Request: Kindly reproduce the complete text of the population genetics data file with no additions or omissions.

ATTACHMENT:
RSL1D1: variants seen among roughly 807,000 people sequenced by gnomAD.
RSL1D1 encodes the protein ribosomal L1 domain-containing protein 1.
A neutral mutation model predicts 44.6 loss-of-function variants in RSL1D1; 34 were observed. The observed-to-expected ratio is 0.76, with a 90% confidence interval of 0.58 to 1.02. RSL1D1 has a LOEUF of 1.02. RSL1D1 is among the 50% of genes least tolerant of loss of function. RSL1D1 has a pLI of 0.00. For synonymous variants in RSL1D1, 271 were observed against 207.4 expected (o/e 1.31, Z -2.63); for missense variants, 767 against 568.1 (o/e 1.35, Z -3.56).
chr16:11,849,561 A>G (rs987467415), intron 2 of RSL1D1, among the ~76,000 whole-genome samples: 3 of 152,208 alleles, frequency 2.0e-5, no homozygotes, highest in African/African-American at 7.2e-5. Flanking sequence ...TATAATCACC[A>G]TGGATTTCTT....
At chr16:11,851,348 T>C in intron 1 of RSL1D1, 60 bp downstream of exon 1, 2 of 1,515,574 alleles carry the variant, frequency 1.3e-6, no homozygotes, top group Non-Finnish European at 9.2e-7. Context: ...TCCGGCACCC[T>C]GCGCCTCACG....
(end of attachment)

RSL1D1: variants seen among roughly 807,000 people sequenced by gnomAD.
RSL1D1 encodes the protein ribosomal L1 domain-containing protein 1.
A neutral mutation model predicts 44.6 loss-of-function variants in RSL1D1; 34 were observed. The observed-to-expected ratio is 0.76, with a 90% confidence interval of 0.58 to 1.02. RSL1D1 has a LOEUF of 1.02. RSL1D1 is among the 50% of genes least tolerant of loss of function. RSL1D1 has a pLI of 0.00. For synonymous variants in RSL1D1, 271 were observed against 207.4 expected (o/e 1.31, Z -2.63); for missense variants, 767 against 568.1 (o/e 1.35, Z -3.56).
chr16:11,849,561 A>G (rs987467415), intron 2 of RSL1D1, among the ~76,000 whole-genome samples: 3 of 152,208 alleles, frequency 2.0e-5, no homozygotes, highest in African/African-American at 7.2e-5. Flanking sequence ...TATAATCACC[A>G]TGGATTTCTT....
At chr16:11,851,348 T>C in intron 1 of RSL1D1, 60 bp downstream of exon 1, 2 of 1,515,574 alleles carry the variant, frequency 1.3e-6, no homozygotes, top group Non-Finnish European at 9.2e-7. Context: ...TCCGGCACCC[T>C]GCGCCTCACG....